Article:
Will recent Wake-up Calls for the Digital Revolution in education register where it counts, in Departments of Education and among education policy-makers? With all the high-tech gadgets in our hands, are Tony Wagner’s “21st century skills” apostles leading us astray? Why do we tend to ignore the essential fact that knowledge and good teaching still matter most? Will the low technology of good teaching and sound curriculum eventually win the day?

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American educational blogger Tom Whitby, initiator of #EdChat, recently posted a thought-provoking commentary (August 17-18, 2011) on the intriguing topic of “Leadership Accountability” in public education. In the immediate aftermath of the Save Our Schools Rally in Washington, D.C., Tom began asking why so many were inclined to blame the perceived “failure” of the whole education system on regular teachers. Without the media attention garnered by “Super Matt” Damon, he suspected the entire event might have gone unnoticed. “Teachers,” he wrote,” are in a no-win situation with targets painted on their backs.” Most significantly, the only recognizable national educational leader visible at the SOS Rally was Diane Ravitch, a recent convert to the cause. http://edupln.ning.com/profiles/blogs/leadership-accountability

Educational progressives like Tom Whitby are beginning to ask the right questions. If the North American educational systems are faltering, the responsibility should not be borne solely by the teachers. Just because the Bill and Melinda Gates Foundation is now fixated on “Teacher Quality” reform doesn’t mean that improving teacher effectiveness is some kind of silver bullet for what ails the system. Surely the current and past educational leadership had some role in aiding or possibly abetting the slide of public education. http://www.sunypress.edu/p-3730-educational-leadership-in-an-ag.aspx

Who’s raising the critical issue of educational leadership at a time when public education is under fire? American and Canadian teacher union bosses seem to be the only ones defending teachers and their legitimacy. It’s been left to Tom Whitby to ask the critical questions: “Where are our local educational leaders in this? What responsibility are the superintendents, assistant superintendents, directors, principals, and assistant principals taking for the ‘demise’ of our education system?”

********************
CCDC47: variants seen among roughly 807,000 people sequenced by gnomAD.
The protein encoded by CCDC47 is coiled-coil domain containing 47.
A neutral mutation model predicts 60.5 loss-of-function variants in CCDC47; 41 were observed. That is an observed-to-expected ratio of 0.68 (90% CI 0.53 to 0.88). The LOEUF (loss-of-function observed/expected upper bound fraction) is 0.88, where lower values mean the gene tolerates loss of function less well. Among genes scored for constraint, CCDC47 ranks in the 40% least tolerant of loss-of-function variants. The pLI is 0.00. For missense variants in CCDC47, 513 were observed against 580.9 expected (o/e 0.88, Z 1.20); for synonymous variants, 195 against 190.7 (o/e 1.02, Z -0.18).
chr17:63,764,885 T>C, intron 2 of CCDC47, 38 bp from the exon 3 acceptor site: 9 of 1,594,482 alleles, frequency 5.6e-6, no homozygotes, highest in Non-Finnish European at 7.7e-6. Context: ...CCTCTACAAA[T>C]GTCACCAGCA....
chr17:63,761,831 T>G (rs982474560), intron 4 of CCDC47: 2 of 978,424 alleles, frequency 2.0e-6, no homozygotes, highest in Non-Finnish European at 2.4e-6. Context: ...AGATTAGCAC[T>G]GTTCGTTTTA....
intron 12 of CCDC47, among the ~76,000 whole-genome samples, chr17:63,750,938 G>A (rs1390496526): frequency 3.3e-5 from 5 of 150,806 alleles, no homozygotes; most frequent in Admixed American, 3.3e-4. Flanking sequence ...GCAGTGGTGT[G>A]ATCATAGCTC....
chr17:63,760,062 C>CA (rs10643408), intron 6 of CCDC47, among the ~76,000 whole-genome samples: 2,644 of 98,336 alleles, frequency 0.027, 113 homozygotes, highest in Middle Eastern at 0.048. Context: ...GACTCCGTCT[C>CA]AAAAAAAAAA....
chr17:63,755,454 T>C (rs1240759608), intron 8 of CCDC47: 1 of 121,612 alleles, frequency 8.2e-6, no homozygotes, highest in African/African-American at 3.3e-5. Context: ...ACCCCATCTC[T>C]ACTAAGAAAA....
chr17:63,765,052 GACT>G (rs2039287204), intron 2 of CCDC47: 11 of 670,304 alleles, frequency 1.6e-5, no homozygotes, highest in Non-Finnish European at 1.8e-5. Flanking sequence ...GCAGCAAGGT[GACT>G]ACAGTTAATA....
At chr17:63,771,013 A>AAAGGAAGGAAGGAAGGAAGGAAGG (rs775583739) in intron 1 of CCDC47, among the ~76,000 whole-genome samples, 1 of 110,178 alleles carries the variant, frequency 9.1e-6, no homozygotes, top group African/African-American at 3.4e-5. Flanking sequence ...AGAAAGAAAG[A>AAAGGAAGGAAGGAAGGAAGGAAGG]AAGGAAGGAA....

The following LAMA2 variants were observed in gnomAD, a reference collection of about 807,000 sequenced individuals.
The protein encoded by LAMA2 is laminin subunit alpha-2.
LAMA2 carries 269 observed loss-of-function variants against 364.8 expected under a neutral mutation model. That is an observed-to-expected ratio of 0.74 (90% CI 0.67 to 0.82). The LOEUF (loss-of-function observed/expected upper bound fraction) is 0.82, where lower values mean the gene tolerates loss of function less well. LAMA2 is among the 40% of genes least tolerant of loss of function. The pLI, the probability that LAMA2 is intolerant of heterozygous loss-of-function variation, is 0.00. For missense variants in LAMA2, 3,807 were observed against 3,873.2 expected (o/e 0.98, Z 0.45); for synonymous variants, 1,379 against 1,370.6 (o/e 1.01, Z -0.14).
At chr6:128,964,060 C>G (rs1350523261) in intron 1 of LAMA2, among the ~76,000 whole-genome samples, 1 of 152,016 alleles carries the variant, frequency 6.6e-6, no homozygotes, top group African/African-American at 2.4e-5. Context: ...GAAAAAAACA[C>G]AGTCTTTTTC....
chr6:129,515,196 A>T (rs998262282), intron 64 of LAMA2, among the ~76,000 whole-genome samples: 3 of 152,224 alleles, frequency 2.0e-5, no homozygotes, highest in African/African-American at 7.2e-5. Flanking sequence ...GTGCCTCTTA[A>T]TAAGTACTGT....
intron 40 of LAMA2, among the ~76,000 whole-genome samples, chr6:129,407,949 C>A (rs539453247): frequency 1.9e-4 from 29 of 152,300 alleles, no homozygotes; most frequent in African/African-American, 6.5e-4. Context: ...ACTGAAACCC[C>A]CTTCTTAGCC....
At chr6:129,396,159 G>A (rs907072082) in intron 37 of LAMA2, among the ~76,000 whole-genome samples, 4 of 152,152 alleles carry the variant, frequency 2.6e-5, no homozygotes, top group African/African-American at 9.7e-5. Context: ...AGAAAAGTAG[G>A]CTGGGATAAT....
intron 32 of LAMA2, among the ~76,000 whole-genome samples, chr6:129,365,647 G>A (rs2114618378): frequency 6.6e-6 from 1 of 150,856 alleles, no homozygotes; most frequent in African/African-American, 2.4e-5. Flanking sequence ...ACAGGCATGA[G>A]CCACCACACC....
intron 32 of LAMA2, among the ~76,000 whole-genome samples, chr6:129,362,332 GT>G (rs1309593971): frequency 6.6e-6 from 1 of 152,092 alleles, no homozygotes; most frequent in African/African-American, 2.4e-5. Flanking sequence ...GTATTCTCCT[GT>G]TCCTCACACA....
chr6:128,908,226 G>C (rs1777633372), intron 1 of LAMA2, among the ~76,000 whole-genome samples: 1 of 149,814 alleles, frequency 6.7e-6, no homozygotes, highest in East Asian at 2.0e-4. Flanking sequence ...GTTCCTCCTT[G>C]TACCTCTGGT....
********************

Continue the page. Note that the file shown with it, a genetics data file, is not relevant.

Educational leadership has become a perilous venture, but much of the research is self-serving, futuristic in orientation, and reflecting short-term memory. Since the early 2000s, the American education bible Education Week and the ADCD’s magazine Educational Leadership have both reflected the reigning confusion over how to respond to ever-increasing demands for public accountability in education. Craig Jerald’s “Beyond the Rock and a Hard Place” (Educational Leadership, November 2003) recognized the problem and urged aspiring leaders to “stop lamenting the challenges of accountability and start making improvements.” Most educational administrators, on career tracks, safely ignored his early warnings about the dangers inherent in “an unveven hodgepodge of instructional aims,” “a scattershot curriculum,” and “unequal expectations.”

One of the first to clean-up his act was Michael Fullan, the school change theorist, then Dean of the University of Toronto’s Faculty of Education. The renowned School Change wizard and one of his OISE allies, Ken Leithwood, responded to the rising tensions with an ingenious but ultimately diversionary strategy.

A Toronto protege of the Fullanites, former Superintendent Bev Freedman, summarized the essential conundrum in December 2004: “The stakes are high, as schools and school systems are increasingly held responsible for increasing student achievement. Educators face competing interests and competing agendas: accountability, standards, teacher testing, high-stakes assessments as well as decentralization: distributed leadership, relational trust, and the development of learning teams.” http://www.aare.edu.au/04pap/fre041066.pdf

Forward-thinking Canadian educational experts, like Fullan and Freedman, attempted to turn the educational ship around by catching the “accountability wave” and turning it to new purposes. New research from the International Academy of Education confirmed their analysis that “Accountability in Education” would not blow over. Indeed, the whole concept of accountability based upon “compliance with regulations” and “adherence to professional norms” was being challenged by “results-driven” initiatives. Some accountability for “student learning” could no longer be ignored and may have some residual benefits. http://www.iaoed.org/files/Edpol1.pdf